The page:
·      Drive box trucks, pickups, and small tractors in our fields, between properties, and when making deliveries in busy cities. 
·      Educate our customers and provide an excellent experience when participating in sales and deliveries.
·      Light construction.
·      Actively help to improve our systems as we grow into a new space.

Desired Skills & Qualifications:
·      Two or more years experience on a production vegetable farm, including harvest duties.  This includes repetitive heavy lifting of up to 50 pounds.
·      Demonstrated understanding of vegetable crops.
·      A natural ability to hustle, move quickly, and enjoy working hard.
·      A desire to understand the economics of small farming.  Experience a plus.
·      Team player with a positive attitude and good sense of humor who can also work independently.
·      Ability to assess, plan, and organize.
·      Basic mechanical skills necessary to operate vehicles, tractors, and farm equipment.
·      Willing to make a 2-year commitment.

Compensation
The Farmer position is salaried and competitive, with 2 weeks of paid vacation.  The average workweek is 50 hours - more in the summer, less in the winter. 

HIRING PROCESS
·      Email a resume highlighting your field experience to sayhayfarms@gmail.com
·      Answer the question, “Why do you want to work at a small farm like Say Hay Farms?” and give a brief description of your agricultural career goals.
·      A timeline of your availability.
·      Please include 2 farm references.

If your application seems like a good fit, we will contact you to schedule a phone interview.  After that, we ask for a field trial day.  For this reason, local applicants are prioritized. 
If offered a position, we have a 60-day probationary period that is hourly wage.  At the end of 60 days, we will mutually assess whether you are a good fit for a salaried position on our team.

This is a unique, excellent opportunity for those who have owned a small farm or would like to own a small farm and appreciate the economic difficulty of fresh-market organic farming to join a collective of skilled professionals who love what we do.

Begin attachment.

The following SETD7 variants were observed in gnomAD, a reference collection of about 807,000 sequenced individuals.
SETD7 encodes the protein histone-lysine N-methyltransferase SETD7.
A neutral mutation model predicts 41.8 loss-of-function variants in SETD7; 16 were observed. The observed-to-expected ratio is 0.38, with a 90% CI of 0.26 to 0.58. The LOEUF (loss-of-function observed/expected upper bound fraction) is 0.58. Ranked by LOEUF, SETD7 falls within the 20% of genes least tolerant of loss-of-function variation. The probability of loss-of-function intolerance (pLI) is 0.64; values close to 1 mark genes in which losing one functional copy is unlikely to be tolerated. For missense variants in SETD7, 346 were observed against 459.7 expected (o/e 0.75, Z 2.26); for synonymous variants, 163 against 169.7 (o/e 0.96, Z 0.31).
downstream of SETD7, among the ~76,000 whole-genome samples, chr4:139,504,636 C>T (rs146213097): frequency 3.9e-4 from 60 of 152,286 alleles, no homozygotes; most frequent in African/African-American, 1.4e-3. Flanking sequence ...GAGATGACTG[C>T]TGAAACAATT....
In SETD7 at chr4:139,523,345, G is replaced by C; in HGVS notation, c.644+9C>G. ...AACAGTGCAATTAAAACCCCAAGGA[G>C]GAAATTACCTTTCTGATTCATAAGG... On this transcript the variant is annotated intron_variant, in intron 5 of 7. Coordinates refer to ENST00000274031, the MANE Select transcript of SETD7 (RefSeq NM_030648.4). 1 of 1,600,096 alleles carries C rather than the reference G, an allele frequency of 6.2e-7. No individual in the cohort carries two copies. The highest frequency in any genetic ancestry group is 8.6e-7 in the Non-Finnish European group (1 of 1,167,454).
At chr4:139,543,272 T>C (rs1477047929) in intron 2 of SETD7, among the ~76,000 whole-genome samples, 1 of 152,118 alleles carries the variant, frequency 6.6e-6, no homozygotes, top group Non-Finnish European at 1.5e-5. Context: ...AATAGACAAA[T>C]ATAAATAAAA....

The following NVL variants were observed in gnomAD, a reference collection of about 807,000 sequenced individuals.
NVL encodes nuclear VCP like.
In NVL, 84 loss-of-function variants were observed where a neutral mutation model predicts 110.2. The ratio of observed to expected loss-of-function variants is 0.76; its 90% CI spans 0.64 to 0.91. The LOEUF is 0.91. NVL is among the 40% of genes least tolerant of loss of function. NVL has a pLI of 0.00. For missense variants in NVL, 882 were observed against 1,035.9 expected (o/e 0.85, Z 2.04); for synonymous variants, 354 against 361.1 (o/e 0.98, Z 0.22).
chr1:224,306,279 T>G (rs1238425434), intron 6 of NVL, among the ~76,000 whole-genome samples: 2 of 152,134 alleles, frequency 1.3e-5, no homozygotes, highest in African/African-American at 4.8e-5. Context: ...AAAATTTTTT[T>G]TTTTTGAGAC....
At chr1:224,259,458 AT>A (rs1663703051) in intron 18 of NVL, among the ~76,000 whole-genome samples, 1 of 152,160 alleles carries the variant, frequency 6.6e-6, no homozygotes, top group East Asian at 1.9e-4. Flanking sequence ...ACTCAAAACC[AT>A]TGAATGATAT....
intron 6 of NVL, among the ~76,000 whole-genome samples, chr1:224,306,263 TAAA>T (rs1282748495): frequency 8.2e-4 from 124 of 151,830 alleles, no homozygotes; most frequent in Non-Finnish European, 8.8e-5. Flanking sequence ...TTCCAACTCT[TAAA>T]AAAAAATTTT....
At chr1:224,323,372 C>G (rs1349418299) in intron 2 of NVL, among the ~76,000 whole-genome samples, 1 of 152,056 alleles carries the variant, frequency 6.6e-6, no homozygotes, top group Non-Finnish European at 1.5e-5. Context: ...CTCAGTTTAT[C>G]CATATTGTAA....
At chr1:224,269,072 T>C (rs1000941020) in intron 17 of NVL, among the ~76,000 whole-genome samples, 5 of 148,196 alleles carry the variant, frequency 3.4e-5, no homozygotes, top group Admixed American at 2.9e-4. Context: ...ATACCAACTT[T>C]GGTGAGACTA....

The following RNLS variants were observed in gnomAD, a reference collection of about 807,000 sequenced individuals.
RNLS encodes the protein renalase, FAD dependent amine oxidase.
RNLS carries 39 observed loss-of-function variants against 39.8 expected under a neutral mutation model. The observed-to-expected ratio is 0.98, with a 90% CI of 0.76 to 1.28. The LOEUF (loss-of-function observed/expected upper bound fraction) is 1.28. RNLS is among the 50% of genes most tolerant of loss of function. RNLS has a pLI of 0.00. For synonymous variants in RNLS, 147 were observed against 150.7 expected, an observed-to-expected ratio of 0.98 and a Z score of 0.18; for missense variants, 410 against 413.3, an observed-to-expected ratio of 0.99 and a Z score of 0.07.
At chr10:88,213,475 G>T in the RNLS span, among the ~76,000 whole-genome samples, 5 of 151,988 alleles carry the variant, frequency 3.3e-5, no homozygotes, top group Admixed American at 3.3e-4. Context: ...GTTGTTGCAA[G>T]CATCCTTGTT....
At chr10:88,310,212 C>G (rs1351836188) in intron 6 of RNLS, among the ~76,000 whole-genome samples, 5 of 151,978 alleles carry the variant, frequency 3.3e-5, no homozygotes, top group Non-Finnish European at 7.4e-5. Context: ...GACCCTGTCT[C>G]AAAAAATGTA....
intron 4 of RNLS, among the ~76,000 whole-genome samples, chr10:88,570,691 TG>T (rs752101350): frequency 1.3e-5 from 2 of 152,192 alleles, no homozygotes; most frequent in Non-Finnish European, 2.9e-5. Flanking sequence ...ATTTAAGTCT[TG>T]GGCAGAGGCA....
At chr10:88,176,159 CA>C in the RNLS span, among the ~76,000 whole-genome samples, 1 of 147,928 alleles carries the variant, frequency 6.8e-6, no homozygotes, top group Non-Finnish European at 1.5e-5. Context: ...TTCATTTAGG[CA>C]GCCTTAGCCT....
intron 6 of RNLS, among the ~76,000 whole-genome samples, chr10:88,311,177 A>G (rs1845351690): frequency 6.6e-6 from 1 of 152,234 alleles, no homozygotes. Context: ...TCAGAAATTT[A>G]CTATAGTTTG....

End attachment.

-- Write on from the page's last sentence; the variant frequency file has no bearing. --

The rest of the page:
Thursday, November 13, 2014

New Roots Farm Program Manager

The Sacramento office of the International Rescue Committee (www.rescue.org)  has posted for a Program Manager to run their Sacramento New Roots refugee farming program. The position will be responsible for planning and implementing the various components of their program including nutrition education to refugee families, development of community garden sites, and the establishment of our urban farm in partnership with Sacramento farm to fork restaurants. Please pass along the link to anyone you feel might be interested in applying.

New Roots Program Manager:

Tuesday, November 11, 2014

Newly Revised Publication Details Federal Sustainable Agriculture and Forestry Program

Federal programs can be a helping hand for people who want to develop innovative, sustainable, enterprises in agriculture and the forestry. A newly updated publication, Building Sustainable Farms, Ranches, and Communities: A Guide to Federal Programs for Sustainable Agriculture, Forestry, Entrepreneurship, Conservation, Food Systems, and Community Development, is a one-stop guide to find the details about those programs and how to apply for them.